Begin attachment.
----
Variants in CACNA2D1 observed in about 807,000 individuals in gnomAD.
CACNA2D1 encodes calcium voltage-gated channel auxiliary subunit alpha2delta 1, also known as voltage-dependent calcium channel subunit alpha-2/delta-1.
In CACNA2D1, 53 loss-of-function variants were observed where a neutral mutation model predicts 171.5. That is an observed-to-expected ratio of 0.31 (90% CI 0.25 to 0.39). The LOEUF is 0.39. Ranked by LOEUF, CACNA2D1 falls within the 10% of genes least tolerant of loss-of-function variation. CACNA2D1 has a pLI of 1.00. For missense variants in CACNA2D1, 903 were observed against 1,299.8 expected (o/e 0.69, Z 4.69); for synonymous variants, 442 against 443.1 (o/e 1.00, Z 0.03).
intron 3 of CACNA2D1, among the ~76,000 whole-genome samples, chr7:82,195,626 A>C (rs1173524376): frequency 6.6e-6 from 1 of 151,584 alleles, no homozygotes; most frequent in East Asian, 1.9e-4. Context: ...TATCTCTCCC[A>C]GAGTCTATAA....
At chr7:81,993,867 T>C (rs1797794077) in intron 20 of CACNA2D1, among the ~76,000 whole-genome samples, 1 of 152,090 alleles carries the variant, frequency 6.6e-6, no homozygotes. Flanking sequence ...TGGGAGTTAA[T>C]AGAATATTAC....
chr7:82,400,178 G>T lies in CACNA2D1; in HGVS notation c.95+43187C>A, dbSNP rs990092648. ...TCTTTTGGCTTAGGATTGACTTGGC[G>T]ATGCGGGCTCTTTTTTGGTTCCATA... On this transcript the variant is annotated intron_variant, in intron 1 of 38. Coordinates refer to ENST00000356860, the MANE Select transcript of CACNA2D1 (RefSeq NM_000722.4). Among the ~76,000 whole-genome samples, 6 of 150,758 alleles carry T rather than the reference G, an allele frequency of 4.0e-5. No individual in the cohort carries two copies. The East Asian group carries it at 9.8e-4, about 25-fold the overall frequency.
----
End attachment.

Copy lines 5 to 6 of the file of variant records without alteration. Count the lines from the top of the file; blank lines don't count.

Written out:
At chr7:81,993,867 T>C (rs1797794077) in intron 20 of CACNA2D1, among the ~76,000 whole-genome samples, 1 of 152,090 alleles carries the variant, frequency 6.6e-6, no homozygotes. Flanking sequence ...TGGGAGTTAA[T>C]AGAATATTAC....
chr7:82,400,178 G>T lies in CACNA2D1; in HGVS notation c.95+43187C>A, dbSNP rs990092648. ...TCTTTTGGCTTAGGATTGACTTGGC[G>T]ATGCGGGCTCTTTTTTGGTTCCATA... On this transcript the variant is annotated intron_variant, in intron 1 of 38. Coordinates refer to ENST00000356860, the MANE Select transcript of CACNA2D1 (RefSeq NM_000722.4). Among the ~76,000 whole-genome samples, 6 of 150,758 alleles carry T rather than the reference G, an allele frequency of 4.0e-5. No individual in the cohort carries two copies. The East Asian group carries it at 9.8e-4, about 25-fold the overall frequency.